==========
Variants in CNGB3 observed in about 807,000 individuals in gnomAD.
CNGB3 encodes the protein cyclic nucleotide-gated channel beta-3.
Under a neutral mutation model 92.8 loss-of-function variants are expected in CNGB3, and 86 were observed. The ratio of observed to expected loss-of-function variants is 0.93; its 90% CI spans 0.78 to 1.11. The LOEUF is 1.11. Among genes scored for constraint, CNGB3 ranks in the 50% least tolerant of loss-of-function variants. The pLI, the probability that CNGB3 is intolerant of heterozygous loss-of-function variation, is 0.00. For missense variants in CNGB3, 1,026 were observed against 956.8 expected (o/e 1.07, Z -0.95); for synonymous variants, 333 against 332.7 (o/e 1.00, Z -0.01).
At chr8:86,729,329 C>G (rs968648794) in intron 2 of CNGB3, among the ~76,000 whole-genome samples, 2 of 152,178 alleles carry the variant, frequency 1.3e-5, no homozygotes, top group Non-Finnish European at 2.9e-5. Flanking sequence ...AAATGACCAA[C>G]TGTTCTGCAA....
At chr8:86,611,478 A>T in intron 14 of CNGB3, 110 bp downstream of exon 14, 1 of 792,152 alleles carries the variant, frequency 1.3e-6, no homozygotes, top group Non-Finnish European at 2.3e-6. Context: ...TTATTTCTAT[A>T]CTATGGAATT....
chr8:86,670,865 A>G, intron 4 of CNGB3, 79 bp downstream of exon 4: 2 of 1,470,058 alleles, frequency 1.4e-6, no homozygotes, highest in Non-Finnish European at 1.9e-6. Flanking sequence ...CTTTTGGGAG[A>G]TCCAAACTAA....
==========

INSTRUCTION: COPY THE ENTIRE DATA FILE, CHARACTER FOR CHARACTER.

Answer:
Variants in CNGB3 observed in about 807,000 individuals in gnomAD.
CNGB3 encodes the protein cyclic nucleotide-gated channel beta-3.
Under a neutral mutation model 92.8 loss-of-function variants are expected in CNGB3, and 86 were observed. The ratio of observed to expected loss-of-function variants is 0.93; its 90% CI spans 0.78 to 1.11. The LOEUF is 1.11. Among genes scored for constraint, CNGB3 ranks in the 50% least tolerant of loss-of-function variants. The pLI, the probability that CNGB3 is intolerant of heterozygous loss-of-function variation, is 0.00. For missense variants in CNGB3, 1,026 were observed against 956.8 expected (o/e 1.07, Z -0.95); for synonymous variants, 333 against 332.7 (o/e 1.00, Z -0.01).
At chr8:86,729,329 C>G (rs968648794) in intron 2 of CNGB3, among the ~76,000 whole-genome samples, 2 of 152,178 alleles carry the variant, frequency 1.3e-5, no homozygotes, top group Non-Finnish European at 2.9e-5. Flanking sequence ...AAATGACCAA[C>G]TGTTCTGCAA....
At chr8:86,611,478 A>T in intron 14 of CNGB3, 110 bp downstream of exon 14, 1 of 792,152 alleles carries the variant, frequency 1.3e-6, no homozygotes, top group Non-Finnish European at 2.3e-6. Context: ...TTATTTCTAT[A>T]CTATGGAATT....
chr8:86,670,865 A>G, intron 4 of CNGB3, 79 bp downstream of exon 4: 2 of 1,470,058 alleles, frequency 1.4e-6, no homozygotes, highest in Non-Finnish European at 1.9e-6. Flanking sequence ...CTTTTGGGAG[A>G]TCCAAACTAA....